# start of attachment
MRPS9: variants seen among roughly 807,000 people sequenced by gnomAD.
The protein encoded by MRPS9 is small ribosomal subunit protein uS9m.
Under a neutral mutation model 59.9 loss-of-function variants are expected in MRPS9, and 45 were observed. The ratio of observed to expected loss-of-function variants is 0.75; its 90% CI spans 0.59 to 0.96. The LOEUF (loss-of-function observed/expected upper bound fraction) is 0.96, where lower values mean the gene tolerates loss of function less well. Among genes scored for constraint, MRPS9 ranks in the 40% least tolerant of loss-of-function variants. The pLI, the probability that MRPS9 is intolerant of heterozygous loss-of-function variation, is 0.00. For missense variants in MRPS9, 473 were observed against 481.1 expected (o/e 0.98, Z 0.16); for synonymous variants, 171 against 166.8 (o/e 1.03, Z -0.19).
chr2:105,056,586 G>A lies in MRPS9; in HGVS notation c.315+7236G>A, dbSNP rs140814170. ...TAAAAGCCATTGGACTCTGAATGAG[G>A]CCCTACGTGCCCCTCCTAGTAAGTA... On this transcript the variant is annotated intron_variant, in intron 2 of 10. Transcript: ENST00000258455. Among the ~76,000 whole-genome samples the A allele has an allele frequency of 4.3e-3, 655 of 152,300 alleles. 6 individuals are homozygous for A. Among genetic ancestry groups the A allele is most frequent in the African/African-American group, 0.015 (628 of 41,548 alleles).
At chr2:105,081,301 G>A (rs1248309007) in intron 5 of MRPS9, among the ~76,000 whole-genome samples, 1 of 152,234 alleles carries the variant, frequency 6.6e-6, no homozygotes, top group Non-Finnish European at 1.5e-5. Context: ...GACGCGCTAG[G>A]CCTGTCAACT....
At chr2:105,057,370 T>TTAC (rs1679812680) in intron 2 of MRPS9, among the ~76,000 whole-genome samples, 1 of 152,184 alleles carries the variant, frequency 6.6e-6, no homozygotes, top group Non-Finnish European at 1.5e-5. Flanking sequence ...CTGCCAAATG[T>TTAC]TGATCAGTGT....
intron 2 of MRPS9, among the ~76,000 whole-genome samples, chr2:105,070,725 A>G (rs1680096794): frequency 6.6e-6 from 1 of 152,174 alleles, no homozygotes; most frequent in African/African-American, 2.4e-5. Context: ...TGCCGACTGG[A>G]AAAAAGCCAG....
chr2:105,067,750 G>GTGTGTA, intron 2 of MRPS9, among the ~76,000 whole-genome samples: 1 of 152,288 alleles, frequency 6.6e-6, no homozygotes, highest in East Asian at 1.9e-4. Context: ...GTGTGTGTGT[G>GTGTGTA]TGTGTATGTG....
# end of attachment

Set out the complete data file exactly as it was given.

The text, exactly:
MRPS9: variants seen among roughly 807,000 people sequenced by gnomAD.
The protein encoded by MRPS9 is small ribosomal subunit protein uS9m.
Under a neutral mutation model 59.9 loss-of-function variants are expected in MRPS9, and 45 were observed. The ratio of observed to expected loss-of-function variants is 0.75; its 90% CI spans 0.59 to 0.96. The LOEUF (loss-of-function observed/expected upper bound fraction) is 0.96, where lower values mean the gene tolerates loss of function less well. Among genes scored for constraint, MRPS9 ranks in the 40% least tolerant of loss-of-function variants. The pLI, the probability that MRPS9 is intolerant of heterozygous loss-of-function variation, is 0.00. For missense variants in MRPS9, 473 were observed against 481.1 expected (o/e 0.98, Z 0.16); for synonymous variants, 171 against 166.8 (o/e 1.03, Z -0.19).
chr2:105,056,586 G>A lies in MRPS9; in HGVS notation c.315+7236G>A, dbSNP rs140814170. ...TAAAAGCCATTGGACTCTGAATGAG[G>A]CCCTACGTGCCCCTCCTAGTAAGTA... On this transcript the variant is annotated intron_variant, in intron 2 of 10. Transcript: ENST00000258455. Among the ~76,000 whole-genome samples the A allele has an allele frequency of 4.3e-3, 655 of 152,300 alleles. 6 individuals are homozygous for A. Among genetic ancestry groups the A allele is most frequent in the African/African-American group, 0.015 (628 of 41,548 alleles).
At chr2:105,081,301 G>A (rs1248309007) in intron 5 of MRPS9, among the ~76,000 whole-genome samples, 1 of 152,234 alleles carries the variant, frequency 6.6e-6, no homozygotes, top group Non-Finnish European at 1.5e-5. Context: ...GACGCGCTAG[G>A]CCTGTCAACT....
At chr2:105,057,370 T>TTAC (rs1679812680) in intron 2 of MRPS9, among the ~76,000 whole-genome samples, 1 of 152,184 alleles carries the variant, frequency 6.6e-6, no homozygotes, top group Non-Finnish European at 1.5e-5. Flanking sequence ...CTGCCAAATG[T>TTAC]TGATCAGTGT....
intron 2 of MRPS9, among the ~76,000 whole-genome samples, chr2:105,070,725 A>G (rs1680096794): frequency 6.6e-6 from 1 of 152,174 alleles, no homozygotes; most frequent in African/African-American, 2.4e-5. Context: ...TGCCGACTGG[A>G]AAAAAGCCAG....
chr2:105,067,750 G>GTGTGTA, intron 2 of MRPS9, among the ~76,000 whole-genome samples: 1 of 152,288 alleles, frequency 6.6e-6, no homozygotes, highest in East Asian at 1.9e-4. Context: ...GTGTGTGTGT[G>GTGTGTA]TGTGTATGTG....